Safi Bahcall, author of Loonshots: How to nurture the crazy ideas that win wars, cure diseases, and transform industries. Loonshots are "widely dismissed ideas whose champions are often written off as crazy". I love the way the author relates stories of different inventors, artists and entrepreneurs who were often rejected or considered crazy by their peers, but later turned out to be the real innovative thinkers and creators of our time. He links these examples of "loonshots" to complex systems, business innovation (or lack thereof) and organisational structure - with a core takeaway message to big corporations: "Love your artists and soldiers equally".
Then there's Dixon Chibanda. He is one of only 12 psychiatrists in Zimbabwe (with a population of more than 16-million) and the founder of the Friendship Bench Programme. He trained elderly Zimbabwean women to deliver talk therapy on benches under trees to bring care and hope to those in need. Through this programme, he developed a new and cost-effective way of reducing the treatment gap for mental, neurological and substance-use disorders. I find it really inspiring that he managed to take a dire situation with terrible odds and turn it into such a positive and socially uplifting movement.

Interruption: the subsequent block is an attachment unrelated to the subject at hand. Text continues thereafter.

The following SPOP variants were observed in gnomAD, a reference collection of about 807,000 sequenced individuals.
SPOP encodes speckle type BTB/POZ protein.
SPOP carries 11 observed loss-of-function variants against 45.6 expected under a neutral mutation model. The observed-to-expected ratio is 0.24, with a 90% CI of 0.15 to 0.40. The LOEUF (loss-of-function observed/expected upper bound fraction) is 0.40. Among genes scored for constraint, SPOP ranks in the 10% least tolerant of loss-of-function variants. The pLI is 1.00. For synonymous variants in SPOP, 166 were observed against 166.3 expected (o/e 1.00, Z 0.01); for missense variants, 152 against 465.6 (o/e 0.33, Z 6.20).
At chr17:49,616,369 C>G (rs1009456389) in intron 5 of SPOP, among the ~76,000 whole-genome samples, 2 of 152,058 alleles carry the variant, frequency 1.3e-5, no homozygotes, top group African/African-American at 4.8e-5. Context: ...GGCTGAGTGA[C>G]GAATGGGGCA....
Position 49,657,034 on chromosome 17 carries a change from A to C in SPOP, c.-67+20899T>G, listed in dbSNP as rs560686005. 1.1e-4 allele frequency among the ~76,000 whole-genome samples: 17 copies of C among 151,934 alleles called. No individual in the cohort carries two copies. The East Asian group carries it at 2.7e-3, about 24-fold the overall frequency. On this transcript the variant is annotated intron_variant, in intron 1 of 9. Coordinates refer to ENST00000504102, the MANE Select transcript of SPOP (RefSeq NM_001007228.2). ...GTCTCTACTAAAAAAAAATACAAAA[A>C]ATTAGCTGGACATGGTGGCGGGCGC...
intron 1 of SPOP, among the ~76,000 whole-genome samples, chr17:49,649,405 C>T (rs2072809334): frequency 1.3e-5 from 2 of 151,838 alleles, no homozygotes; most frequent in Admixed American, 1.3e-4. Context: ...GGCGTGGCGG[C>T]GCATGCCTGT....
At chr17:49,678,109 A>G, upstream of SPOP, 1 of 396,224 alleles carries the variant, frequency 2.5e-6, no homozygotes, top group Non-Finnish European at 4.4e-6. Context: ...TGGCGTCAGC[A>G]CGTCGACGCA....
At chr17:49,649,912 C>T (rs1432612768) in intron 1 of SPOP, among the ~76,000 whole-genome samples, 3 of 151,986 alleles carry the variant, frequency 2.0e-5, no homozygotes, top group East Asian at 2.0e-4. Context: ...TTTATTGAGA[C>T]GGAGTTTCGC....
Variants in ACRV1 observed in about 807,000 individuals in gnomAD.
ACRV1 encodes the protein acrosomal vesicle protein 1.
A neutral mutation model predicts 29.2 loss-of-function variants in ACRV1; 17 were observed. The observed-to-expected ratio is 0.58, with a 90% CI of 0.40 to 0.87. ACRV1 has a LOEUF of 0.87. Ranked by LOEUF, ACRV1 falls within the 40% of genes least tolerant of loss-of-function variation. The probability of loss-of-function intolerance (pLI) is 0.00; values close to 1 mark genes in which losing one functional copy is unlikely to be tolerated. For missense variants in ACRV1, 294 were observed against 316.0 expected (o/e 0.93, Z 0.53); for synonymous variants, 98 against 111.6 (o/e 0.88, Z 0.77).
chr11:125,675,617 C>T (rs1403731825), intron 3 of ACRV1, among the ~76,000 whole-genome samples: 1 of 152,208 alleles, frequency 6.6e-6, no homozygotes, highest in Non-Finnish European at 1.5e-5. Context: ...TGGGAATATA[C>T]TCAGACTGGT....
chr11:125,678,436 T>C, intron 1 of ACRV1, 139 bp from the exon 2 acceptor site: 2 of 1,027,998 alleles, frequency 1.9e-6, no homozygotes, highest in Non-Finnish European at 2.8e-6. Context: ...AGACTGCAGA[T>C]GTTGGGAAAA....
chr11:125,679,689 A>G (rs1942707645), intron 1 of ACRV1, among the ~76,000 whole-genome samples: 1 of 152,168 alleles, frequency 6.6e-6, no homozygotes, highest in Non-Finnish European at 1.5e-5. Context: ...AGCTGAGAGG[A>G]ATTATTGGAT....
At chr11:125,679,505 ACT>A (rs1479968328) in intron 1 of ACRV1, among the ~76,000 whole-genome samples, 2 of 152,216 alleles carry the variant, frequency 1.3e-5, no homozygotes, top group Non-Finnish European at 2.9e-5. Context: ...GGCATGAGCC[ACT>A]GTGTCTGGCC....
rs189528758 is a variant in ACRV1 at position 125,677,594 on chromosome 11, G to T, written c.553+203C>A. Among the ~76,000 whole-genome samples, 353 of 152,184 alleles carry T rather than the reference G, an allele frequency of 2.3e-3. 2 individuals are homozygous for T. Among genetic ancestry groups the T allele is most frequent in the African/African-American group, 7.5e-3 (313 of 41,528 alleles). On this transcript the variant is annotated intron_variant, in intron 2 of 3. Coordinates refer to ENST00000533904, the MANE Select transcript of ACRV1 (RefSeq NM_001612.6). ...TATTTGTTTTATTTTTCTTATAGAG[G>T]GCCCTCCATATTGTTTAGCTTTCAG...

Karlien de Villiers. From L to R: Voëlvry (2017), Tonteldosie (2017), Chagrin (2017). Images Supplied by Artist
What was the last piece of art or décor you bought?
I can't afford to buy art. (I don't know if you should print that!) I do have some favourite artworks that were gifts or works that I traded with artist friends - an etching from Claudette Schreuders is one of my favourite pieces. I also love going to second-hand and antique stores to find vintage furniture, Art Deco wall units or cabinets - and I collect vintage toys.
Where do you get the inspiration to create such incredible characters?